Doodle by bored medieval school boy
This 15th-century doodle is found in the lower margin of a manuscript containing Juvenal’s Satires. This classical text was a popular device to teach young students - kids - morals. The medieval teacher Alexander Nequam stated: “Let the student read the satirists […] so that he may learn even in his younger days that vices are to be shunned” (quote here). Spoken like a true optimist, because this page shows what young school boys like to do with rules: disobey them. And so in stead of studying the student who used this book drew a funny doodle in the lower margin: a figure with a flower in one hand and what appears to be a pipe in the other. Could it be his teacher? Doodles are of all ages but those produced by bored school kids are the most entertaining.
Such a great tumblr, follow and you are bound to enjoy these discoveries
Scene of Recognition Between Abhimanyu and His Demon-Cousin with Their Mothers
Artist/maker unknown, India
Made in western Deccan Region, India, Mid- 19th century
Opaque and transparent watercolor on paper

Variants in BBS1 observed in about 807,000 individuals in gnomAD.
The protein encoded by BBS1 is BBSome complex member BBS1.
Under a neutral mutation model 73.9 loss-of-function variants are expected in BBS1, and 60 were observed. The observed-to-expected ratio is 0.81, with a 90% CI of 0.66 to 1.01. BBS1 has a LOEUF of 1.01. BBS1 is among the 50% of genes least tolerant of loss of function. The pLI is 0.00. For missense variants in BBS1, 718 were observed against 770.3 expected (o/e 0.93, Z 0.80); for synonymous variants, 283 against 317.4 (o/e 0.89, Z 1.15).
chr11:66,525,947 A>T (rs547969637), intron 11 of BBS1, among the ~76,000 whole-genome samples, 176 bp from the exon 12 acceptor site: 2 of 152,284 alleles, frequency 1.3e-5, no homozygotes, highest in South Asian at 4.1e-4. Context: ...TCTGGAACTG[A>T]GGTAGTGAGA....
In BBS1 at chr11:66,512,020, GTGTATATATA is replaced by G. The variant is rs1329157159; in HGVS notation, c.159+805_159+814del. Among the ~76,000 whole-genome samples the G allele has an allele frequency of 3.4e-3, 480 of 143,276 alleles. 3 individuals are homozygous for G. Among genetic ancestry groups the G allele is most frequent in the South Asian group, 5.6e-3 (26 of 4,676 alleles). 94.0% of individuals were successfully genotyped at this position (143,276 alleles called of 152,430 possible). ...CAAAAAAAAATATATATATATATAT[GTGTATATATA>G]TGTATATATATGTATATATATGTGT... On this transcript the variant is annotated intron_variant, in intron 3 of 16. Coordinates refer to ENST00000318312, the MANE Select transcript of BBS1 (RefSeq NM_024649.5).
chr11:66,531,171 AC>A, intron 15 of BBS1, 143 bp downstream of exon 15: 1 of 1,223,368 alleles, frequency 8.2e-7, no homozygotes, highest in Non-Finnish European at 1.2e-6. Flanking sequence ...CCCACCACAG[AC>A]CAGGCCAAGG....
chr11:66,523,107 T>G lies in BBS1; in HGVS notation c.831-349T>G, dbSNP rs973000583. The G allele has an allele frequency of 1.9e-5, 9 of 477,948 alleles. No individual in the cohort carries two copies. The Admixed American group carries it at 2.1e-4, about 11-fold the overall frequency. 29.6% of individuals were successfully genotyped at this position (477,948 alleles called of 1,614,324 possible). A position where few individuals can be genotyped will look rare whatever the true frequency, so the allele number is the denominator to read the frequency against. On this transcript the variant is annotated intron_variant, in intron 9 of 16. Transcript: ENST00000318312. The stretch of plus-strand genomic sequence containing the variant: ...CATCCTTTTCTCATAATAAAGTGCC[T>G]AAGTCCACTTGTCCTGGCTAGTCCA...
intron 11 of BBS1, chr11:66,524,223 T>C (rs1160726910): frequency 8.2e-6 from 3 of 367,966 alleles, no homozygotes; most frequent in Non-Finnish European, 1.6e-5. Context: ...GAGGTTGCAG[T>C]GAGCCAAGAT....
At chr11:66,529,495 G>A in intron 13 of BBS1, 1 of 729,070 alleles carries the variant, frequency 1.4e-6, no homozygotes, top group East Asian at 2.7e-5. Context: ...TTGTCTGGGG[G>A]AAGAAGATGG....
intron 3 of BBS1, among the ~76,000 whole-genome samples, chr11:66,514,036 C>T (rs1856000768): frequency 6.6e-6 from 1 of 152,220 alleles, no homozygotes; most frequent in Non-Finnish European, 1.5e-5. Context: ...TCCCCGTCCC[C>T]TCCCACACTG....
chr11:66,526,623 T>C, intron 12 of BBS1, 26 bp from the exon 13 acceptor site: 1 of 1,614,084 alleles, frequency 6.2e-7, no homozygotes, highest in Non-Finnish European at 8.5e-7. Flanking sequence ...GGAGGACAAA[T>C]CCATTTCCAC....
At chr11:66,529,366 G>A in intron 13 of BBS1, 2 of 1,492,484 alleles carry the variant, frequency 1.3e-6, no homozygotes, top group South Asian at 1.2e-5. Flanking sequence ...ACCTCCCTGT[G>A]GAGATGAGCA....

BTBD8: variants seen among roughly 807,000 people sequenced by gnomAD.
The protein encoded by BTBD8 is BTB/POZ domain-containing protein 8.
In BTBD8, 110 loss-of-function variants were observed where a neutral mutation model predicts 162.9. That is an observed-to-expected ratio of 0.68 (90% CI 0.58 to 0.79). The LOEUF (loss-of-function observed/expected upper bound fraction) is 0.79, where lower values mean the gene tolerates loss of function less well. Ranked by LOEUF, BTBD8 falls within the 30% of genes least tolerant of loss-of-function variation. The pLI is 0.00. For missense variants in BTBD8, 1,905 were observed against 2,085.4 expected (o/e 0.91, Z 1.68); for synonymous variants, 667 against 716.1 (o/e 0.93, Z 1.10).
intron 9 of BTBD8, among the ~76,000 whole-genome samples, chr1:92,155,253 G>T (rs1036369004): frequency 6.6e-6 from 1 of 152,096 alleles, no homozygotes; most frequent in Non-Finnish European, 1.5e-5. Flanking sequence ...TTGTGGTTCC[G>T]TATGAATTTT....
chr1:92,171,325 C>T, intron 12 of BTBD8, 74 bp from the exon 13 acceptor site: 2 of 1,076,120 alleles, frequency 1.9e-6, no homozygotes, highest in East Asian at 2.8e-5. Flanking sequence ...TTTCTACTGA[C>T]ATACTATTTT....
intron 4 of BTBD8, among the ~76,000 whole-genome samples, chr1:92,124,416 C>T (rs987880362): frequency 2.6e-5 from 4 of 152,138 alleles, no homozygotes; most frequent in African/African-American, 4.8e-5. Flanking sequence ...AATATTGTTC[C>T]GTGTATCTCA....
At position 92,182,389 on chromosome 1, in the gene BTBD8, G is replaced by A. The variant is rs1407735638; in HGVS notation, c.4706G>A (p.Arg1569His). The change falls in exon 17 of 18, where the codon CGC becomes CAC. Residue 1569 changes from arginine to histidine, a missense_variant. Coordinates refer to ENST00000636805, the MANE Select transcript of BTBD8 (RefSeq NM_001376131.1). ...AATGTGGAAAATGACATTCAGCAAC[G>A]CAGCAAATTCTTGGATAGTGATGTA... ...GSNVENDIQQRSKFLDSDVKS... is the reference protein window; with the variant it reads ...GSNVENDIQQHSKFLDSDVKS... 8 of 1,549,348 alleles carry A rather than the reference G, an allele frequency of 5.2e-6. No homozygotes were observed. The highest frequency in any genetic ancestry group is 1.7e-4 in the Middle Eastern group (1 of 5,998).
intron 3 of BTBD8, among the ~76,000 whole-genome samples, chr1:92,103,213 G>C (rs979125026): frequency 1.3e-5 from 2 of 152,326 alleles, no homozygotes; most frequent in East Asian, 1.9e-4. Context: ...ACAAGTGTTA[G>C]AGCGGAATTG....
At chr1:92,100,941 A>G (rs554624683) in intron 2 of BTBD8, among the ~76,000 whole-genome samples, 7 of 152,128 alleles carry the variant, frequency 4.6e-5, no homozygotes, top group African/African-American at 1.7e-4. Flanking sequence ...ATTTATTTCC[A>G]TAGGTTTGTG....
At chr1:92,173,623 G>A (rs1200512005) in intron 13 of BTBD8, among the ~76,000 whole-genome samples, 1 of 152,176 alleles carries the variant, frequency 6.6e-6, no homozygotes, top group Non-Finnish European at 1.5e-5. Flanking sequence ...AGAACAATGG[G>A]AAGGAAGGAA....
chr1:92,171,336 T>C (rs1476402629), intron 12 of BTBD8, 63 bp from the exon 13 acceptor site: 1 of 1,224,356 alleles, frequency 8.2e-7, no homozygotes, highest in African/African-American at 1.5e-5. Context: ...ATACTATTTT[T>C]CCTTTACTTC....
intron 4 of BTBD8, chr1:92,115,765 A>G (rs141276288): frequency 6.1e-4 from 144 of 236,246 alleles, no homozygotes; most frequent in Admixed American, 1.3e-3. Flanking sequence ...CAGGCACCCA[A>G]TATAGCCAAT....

Philadelphia Museum of Art
Sven Jonson (Swedish, 1902-1981), Blå skymning [Blue dusk], 1954. Oil on canvas, 24 x 33 cm.
oh I love!
Edward Gorey, The Great Veiled Bear. A Future Unremembered Poet of the Seventeenth Century Accepts a Christmas Cookie from the Great Veiled Bear.
Chikuyou Hasegawa(長谷川 竹葉), illustrated plant chart: edible leaves , pungent herbs, mushrooms and seaweed, 1873 .
Hate the obnoxiously reactionary title of this book; love the images! (#4 by El Lissitzky in his Vitebsk tenure)
my-ear-trumpet: “I’m very sorry, Count D’algout. It is most embarrassing, but the lady you brought with you tonight is spreading communist propaganda in the powder room”— from the movie Ninotchka (1939)
Winter is coming! Showing off on the ice almost invariably leads to a clumsy fall.
The word “clumsy” actually appears in some Eighteenth-Century Fiction articles, which surprised me. All the essays below are free to read at the journal archive: